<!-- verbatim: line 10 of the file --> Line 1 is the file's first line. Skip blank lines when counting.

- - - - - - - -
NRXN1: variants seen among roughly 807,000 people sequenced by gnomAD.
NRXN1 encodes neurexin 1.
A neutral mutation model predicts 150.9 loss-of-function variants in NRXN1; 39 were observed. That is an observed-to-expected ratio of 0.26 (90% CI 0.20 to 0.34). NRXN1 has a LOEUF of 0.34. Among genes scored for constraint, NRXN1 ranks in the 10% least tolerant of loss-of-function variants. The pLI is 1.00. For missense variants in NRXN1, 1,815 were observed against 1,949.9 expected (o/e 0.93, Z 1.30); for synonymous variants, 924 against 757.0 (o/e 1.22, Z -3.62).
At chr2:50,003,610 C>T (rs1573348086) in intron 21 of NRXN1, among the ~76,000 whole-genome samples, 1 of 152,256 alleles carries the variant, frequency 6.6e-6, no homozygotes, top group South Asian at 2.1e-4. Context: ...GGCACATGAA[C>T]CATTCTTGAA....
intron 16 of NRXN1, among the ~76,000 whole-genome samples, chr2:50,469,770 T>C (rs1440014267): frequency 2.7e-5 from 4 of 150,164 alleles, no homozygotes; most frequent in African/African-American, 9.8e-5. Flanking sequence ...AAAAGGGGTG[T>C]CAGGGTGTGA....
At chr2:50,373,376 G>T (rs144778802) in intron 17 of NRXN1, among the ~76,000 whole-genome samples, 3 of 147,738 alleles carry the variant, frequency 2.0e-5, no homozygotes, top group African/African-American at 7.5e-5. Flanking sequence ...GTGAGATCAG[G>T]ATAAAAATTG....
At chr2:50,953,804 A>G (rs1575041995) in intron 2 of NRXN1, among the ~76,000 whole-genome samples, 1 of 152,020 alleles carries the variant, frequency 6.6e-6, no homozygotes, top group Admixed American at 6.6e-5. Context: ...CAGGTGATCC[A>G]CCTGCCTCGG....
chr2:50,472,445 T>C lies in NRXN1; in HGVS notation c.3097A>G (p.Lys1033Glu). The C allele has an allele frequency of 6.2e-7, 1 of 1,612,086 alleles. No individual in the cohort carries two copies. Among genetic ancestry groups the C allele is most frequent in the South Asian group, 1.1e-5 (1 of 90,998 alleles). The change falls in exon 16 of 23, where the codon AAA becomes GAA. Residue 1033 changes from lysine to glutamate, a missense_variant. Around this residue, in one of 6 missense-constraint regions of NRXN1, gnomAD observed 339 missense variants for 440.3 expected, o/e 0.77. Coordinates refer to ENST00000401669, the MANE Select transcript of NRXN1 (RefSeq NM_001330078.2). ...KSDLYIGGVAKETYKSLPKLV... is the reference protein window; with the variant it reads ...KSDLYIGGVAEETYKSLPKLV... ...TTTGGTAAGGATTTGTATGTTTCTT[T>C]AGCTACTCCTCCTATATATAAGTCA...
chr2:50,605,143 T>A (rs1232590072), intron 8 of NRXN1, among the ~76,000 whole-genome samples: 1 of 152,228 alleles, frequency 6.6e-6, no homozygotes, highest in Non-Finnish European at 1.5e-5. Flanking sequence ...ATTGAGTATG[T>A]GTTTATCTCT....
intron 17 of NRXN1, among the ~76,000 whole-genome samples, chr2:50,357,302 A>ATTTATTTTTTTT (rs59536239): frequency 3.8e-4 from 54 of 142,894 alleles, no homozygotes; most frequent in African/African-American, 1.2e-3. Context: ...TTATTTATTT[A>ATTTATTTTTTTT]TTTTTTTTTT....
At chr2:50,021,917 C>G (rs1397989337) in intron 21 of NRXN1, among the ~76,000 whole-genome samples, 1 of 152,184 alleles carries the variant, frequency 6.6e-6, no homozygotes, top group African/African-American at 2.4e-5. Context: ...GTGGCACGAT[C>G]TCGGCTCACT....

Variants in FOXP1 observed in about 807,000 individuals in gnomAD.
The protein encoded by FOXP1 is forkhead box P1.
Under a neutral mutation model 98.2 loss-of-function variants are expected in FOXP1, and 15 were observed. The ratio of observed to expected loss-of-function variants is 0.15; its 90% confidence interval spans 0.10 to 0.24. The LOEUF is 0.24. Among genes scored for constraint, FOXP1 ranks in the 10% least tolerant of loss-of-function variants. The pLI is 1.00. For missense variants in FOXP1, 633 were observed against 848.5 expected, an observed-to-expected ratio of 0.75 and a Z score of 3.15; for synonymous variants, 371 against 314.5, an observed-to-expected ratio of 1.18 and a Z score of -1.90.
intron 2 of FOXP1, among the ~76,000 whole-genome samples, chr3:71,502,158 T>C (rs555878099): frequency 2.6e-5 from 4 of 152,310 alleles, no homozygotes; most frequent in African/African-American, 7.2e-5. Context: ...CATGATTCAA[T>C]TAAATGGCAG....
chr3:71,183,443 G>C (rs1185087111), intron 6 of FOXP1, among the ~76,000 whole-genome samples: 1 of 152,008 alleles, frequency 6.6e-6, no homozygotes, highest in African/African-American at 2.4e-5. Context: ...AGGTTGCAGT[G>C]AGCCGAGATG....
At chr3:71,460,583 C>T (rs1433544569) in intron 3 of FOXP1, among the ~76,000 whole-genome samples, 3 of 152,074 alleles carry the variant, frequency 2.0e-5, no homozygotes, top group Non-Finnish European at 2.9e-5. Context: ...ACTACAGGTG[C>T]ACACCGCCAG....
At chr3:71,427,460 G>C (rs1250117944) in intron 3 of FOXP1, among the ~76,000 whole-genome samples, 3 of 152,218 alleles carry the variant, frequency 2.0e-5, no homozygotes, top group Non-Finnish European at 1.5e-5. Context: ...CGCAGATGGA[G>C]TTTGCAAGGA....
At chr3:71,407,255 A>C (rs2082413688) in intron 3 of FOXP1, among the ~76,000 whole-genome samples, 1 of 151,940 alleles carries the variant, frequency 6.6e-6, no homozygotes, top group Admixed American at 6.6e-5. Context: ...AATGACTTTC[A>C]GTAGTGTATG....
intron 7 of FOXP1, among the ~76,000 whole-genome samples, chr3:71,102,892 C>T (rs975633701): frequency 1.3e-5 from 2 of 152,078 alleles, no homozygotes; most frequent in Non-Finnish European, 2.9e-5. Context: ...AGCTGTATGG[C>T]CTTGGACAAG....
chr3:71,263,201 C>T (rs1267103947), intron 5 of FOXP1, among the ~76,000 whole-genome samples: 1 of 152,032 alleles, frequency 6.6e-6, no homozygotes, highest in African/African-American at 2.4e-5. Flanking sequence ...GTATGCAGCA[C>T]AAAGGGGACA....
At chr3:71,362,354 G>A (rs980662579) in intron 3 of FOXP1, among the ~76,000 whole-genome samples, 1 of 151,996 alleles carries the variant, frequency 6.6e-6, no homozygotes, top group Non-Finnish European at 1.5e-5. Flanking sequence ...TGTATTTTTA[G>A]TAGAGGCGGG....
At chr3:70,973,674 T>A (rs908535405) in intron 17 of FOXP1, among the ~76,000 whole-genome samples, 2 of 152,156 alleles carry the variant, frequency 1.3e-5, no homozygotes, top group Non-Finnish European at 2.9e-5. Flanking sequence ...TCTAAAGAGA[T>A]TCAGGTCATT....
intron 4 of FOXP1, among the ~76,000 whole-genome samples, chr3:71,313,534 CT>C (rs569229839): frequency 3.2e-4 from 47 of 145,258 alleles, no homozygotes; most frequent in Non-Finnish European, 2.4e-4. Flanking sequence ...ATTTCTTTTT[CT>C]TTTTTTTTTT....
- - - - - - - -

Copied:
intron 17 of NRXN1, among the ~76,000 whole-genome samples, chr2:50,357,302 A>ATTTATTTTTTTT (rs59536239): frequency 3.8e-4 from 54 of 142,894 alleles, no homozygotes; most frequent in African/African-American, 1.2e-3. Context: ...TTATTTATTT[A>ATTTATTTTTTTT]TTTTTTTTTT....